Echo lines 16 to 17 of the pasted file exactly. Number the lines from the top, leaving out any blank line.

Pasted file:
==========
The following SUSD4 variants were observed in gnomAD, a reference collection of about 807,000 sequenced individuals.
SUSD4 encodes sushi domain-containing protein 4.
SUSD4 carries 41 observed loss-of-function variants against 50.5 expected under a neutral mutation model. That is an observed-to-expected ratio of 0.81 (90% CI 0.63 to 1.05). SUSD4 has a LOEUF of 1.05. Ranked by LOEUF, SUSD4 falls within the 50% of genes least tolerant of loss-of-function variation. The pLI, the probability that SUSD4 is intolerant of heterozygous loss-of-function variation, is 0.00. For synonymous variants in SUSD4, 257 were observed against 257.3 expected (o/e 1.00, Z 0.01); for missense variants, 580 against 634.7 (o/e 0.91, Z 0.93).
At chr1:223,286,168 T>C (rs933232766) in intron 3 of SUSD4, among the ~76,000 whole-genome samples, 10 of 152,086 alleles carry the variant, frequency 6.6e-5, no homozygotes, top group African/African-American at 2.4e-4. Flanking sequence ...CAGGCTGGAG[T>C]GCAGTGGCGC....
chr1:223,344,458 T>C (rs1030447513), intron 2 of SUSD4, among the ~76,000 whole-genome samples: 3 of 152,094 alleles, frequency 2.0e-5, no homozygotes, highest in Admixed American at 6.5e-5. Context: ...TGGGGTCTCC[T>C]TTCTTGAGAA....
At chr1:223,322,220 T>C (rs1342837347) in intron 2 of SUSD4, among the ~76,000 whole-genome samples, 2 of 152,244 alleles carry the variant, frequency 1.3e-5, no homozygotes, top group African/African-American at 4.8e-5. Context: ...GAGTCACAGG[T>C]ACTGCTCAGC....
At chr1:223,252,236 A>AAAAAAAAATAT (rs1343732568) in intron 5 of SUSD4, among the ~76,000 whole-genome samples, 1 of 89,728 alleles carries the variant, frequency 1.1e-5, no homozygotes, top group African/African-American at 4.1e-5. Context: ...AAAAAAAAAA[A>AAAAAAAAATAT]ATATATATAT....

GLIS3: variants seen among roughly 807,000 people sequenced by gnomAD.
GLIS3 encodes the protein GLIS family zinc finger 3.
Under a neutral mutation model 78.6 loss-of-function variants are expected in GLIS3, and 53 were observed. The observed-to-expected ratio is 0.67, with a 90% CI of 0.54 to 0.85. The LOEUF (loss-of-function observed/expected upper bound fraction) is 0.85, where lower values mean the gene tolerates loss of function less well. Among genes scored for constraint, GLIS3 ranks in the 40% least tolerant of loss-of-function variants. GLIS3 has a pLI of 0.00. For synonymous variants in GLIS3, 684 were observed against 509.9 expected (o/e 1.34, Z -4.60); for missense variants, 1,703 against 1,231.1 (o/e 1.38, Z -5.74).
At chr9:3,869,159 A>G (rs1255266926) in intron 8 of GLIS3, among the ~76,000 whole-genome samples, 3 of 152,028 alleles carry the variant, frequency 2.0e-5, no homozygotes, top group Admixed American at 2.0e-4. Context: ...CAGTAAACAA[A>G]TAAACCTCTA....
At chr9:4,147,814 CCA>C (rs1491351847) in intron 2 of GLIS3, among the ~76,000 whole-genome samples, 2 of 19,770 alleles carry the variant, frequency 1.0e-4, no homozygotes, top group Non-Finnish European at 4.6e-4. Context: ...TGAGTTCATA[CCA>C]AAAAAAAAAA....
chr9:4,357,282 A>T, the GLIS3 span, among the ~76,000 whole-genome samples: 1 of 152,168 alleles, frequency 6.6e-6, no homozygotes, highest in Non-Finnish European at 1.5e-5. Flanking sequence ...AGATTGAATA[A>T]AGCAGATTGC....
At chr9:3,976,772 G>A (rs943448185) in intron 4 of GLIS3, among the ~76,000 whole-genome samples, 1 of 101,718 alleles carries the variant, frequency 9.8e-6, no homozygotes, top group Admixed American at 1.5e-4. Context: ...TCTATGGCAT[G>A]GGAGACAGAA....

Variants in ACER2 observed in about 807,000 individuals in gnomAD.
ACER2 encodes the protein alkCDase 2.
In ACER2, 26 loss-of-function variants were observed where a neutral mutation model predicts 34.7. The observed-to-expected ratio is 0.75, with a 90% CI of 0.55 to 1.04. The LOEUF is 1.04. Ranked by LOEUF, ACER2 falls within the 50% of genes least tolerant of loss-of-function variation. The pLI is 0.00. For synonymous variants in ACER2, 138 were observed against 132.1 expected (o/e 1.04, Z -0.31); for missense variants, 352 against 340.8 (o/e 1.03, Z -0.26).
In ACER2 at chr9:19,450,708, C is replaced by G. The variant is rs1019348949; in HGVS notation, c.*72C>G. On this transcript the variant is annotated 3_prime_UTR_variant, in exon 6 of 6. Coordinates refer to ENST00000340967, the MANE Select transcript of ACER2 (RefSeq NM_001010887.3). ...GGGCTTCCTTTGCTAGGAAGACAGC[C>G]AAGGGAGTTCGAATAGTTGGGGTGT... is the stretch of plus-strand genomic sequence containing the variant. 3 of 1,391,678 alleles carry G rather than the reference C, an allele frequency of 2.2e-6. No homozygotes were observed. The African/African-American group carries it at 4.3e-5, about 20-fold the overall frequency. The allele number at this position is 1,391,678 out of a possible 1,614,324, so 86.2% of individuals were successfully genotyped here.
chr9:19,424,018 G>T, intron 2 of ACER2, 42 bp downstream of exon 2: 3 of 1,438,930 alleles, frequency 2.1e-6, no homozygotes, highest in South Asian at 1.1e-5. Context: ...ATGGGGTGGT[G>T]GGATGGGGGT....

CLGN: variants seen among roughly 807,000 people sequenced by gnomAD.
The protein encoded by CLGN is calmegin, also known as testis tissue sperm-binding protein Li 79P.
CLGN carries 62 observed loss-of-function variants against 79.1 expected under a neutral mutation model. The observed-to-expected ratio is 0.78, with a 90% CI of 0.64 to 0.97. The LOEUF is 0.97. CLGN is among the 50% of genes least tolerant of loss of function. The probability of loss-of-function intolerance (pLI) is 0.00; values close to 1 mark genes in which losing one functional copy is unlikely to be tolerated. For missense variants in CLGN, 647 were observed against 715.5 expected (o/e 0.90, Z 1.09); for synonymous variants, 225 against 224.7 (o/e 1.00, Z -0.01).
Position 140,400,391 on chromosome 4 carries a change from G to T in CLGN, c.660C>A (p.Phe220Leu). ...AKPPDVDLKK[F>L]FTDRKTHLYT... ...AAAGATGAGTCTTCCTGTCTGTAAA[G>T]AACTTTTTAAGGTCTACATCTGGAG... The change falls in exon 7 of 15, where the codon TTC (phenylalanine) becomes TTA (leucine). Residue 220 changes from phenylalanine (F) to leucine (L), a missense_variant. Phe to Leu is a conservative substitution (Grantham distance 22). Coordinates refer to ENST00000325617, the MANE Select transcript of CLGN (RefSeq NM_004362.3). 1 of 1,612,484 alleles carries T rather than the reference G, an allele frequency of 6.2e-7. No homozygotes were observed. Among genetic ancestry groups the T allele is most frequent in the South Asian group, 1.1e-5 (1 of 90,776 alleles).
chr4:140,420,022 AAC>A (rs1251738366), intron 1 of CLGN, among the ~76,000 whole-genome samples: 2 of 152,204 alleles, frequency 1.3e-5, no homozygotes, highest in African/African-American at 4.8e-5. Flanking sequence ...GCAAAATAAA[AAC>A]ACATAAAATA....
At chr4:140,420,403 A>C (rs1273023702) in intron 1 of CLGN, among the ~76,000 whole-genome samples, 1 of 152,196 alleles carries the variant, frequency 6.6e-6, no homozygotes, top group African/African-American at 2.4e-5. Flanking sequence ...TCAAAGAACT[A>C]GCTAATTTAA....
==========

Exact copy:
ACER2 encodes the protein alkCDase 2.
In ACER2, 26 loss-of-function variants were observed where a neutral mutation model predicts 34.7. The observed-to-expected ratio is 0.75, with a 90% CI of 0.55 to 1.04. The LOEUF is 1.04. Ranked by LOEUF, ACER2 falls within the 50% of genes least tolerant of loss-of-function variation. The pLI is 0.00. For synonymous variants in ACER2, 138 were observed against 132.1 expected (o/e 1.04, Z -0.31); for missense variants, 352 against 340.8 (o/e 1.03, Z -0.26).